Its me. I have not been writing any comments, but have been reading the articles and some of the comments whenever I can.
    I wil be on my way to Brazil later this week.

  • SImpleton

    suprised surprized surprised – but what about “perversities” (as in uni-) and “rapproachment” – are these things you think our dear The Guest could have held back from commenting on even when just reposting a news blurb (in contradiction to the copyright) – duh?

  • SImpleton

    Oh great g
    now we have double quote chimed in on top of double-whatever! Good guesting there Joao.

  • João da Silva

    The Guest
    [quote]”Brazil Lula “Positvely Suprised” by Americas Summit”[/quote]

    Are you [b][i]The Guest[/i][/b] or just a Guest?

  • The Guest

    “Brazil Lula “Positvely Suprised” by Americas Summit”
    Pay attention to the last paragraph!

    By Matthew Cowley, Of DOW JONES NEWSWIRES
    (Updates with additional details)

    PORT-OF-SPAIN, Trinidad and Tobago -(Dow Jones)- Brazil’s President Luiz Inacio Lula da Silva on Sunday said he was “positively surprised” by the outcome of the fifth Summit of the Americas, and that it could mark the beginning of a new relationship with the U.S.

    “I think it’s perfectly possible for there to be an evolution in the relationship between the United States and the Latin American continent,” Lula told reporters as the event was wrapping up. Later he added: “A new dynamic can be created.”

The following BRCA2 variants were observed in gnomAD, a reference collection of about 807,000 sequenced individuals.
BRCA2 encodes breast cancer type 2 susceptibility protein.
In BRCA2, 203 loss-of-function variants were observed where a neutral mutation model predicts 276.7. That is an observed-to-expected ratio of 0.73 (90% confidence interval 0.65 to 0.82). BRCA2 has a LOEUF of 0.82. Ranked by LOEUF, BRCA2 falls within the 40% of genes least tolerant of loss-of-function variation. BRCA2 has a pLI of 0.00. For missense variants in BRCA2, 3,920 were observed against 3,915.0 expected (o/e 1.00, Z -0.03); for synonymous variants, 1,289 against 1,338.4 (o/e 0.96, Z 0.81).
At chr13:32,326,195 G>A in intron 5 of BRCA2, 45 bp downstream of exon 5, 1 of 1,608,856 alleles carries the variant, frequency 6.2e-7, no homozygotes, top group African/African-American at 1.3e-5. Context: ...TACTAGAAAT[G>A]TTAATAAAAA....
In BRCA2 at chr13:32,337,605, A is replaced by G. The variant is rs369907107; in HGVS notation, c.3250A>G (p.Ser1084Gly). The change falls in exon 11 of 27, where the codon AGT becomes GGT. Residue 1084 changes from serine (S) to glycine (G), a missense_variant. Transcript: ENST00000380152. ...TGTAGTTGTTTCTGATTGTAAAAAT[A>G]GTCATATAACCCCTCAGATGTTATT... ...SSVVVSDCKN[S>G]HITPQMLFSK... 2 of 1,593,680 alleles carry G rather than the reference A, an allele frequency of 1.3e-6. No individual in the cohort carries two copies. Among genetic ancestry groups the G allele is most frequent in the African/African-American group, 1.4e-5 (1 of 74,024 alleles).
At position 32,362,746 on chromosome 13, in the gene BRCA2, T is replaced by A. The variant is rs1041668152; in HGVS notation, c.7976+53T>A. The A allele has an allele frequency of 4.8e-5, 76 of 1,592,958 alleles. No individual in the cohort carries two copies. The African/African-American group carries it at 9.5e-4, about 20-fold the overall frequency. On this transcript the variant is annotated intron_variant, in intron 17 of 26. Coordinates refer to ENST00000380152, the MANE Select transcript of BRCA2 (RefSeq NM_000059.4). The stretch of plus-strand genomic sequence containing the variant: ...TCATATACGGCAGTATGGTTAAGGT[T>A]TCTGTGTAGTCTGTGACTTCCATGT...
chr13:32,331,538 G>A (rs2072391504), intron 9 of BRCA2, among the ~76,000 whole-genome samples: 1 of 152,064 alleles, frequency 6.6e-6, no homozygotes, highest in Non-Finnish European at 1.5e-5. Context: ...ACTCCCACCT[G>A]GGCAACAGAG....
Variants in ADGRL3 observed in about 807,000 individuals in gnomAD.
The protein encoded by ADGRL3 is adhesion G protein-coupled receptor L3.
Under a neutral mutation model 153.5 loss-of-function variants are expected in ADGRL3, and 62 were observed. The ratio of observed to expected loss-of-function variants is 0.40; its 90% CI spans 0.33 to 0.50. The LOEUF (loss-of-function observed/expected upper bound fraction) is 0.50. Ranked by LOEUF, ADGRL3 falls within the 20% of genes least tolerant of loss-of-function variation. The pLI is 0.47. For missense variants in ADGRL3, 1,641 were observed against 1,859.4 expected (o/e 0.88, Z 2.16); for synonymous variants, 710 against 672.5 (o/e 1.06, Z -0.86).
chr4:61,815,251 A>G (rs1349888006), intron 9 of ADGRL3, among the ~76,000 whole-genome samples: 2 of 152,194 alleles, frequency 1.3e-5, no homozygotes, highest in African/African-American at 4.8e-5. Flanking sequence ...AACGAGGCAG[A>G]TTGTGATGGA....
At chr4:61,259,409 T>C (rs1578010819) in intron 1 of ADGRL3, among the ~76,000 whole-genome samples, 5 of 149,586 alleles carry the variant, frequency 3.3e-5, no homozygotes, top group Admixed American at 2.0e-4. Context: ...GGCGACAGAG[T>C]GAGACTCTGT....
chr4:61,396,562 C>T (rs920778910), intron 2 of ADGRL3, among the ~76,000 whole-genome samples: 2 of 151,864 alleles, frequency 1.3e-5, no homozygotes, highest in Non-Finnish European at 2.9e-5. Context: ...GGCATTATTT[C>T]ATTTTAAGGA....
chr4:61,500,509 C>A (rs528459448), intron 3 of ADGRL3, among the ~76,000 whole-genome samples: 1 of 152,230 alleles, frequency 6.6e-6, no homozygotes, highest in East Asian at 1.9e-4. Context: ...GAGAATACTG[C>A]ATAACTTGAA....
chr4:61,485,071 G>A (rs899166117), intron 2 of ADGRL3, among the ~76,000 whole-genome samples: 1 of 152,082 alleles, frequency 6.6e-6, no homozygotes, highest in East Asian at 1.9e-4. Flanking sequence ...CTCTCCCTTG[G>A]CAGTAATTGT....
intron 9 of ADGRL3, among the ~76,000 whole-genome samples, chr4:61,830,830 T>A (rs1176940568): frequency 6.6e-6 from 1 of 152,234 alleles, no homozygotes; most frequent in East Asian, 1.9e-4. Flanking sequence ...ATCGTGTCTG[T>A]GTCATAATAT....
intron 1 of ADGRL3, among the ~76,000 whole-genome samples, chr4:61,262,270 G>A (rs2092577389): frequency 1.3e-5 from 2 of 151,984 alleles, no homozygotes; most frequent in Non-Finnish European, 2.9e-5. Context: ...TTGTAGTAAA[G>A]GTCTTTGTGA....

Lula used the example of Venezuela’s President Hugo Chavez, who had a vitriolic relationship with the previous U.S. administration, to highlight the opportunity for change.

    “If (Chavez) had a serious problem in the Bush era, that can be changed in the Obama era,” Lula said.

    The Brazilian president welcomed the engagement of his recently-elected U.S. counterpart, Barack Obama, saying he’d had an “immersion course” in Latin American affairs over the weekend.

    Many had expected the summit to end in a “field battle” between the various factions, Lula said, but instead leaders had a mature discussion on what can often be divisive issues.

    “It was more difficult when everyone was obliged to say the same thing,” Lula said.

    A number of leaders expressed reservations about the summit’s final communique, but they reached a consensus allowing Trinidad and Tobago Prime Minister Patrick Manning to sign the document despite the dissent.

    Some of the disagreement was over Cuba, the only country not present at the summit. Following on from the recent rapprochement between the U.S. and the Caribbean nation, President Lula said he can’t imagine that Cuba wouldn’t be included in the next Summit of the Americas in three years time.

    “I don’t see the possibility of having another Summit of the Americas without Cuba,” Lula said.

    The president, meanwhile, said Brazil’s participation in these events was to build relations and not to find something to take home.